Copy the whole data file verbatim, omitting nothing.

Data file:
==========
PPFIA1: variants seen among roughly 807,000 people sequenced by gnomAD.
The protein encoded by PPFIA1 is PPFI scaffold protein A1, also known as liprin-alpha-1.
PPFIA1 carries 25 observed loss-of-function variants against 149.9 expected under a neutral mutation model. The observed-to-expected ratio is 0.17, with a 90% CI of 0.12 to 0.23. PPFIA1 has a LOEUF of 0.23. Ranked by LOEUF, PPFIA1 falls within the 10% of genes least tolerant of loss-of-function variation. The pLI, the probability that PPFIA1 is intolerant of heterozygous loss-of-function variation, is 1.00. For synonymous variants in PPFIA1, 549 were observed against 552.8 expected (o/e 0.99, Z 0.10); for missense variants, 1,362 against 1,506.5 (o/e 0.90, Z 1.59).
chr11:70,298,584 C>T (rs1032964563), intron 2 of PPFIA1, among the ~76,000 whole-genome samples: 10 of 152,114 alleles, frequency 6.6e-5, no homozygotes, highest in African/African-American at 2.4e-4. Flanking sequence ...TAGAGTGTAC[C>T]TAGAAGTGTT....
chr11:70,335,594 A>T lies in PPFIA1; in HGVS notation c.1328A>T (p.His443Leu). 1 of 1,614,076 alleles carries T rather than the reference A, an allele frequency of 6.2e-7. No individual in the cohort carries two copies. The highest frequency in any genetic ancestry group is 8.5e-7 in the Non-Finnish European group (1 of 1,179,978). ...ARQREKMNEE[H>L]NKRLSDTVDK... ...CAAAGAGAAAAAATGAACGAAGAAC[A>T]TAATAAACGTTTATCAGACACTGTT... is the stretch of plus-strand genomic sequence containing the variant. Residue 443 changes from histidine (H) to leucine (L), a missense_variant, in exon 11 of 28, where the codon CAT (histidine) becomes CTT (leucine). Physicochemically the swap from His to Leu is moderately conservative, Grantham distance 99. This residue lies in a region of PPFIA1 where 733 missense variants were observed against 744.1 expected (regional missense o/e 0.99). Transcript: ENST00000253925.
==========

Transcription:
PPFIA1: variants seen among roughly 807,000 people sequenced by gnomAD.
The protein encoded by PPFIA1 is PPFI scaffold protein A1, also known as liprin-alpha-1.
PPFIA1 carries 25 observed loss-of-function variants against 149.9 expected under a neutral mutation model. The observed-to-expected ratio is 0.17, with a 90% CI of 0.12 to 0.23. PPFIA1 has a LOEUF of 0.23. Ranked by LOEUF, PPFIA1 falls within the 10% of genes least tolerant of loss-of-function variation. The pLI, the probability that PPFIA1 is intolerant of heterozygous loss-of-function variation, is 1.00. For synonymous variants in PPFIA1, 549 were observed against 552.8 expected (o/e 0.99, Z 0.10); for missense variants, 1,362 against 1,506.5 (o/e 0.90, Z 1.59).
chr11:70,298,584 C>T (rs1032964563), intron 2 of PPFIA1, among the ~76,000 whole-genome samples: 10 of 152,114 alleles, frequency 6.6e-5, no homozygotes, highest in African/African-American at 2.4e-4. Flanking sequence ...TAGAGTGTAC[C>T]TAGAAGTGTT....
chr11:70,335,594 A>T lies in PPFIA1; in HGVS notation c.1328A>T (p.His443Leu). 1 of 1,614,076 alleles carries T rather than the reference A, an allele frequency of 6.2e-7. No individual in the cohort carries two copies. The highest frequency in any genetic ancestry group is 8.5e-7 in the Non-Finnish European group (1 of 1,179,978). ...ARQREKMNEE[H>L]NKRLSDTVDK... ...CAAAGAGAAAAAATGAACGAAGAAC[A>T]TAATAAACGTTTATCAGACACTGTT... is the stretch of plus-strand genomic sequence containing the variant. Residue 443 changes from histidine (H) to leucine (L), a missense_variant, in exon 11 of 28, where the codon CAT (histidine) becomes CTT (leucine). Physicochemically the swap from His to Leu is moderately conservative, Grantham distance 99. This residue lies in a region of PPFIA1 where 733 missense variants were observed against 744.1 expected (regional missense o/e 0.99). Transcript: ENST00000253925.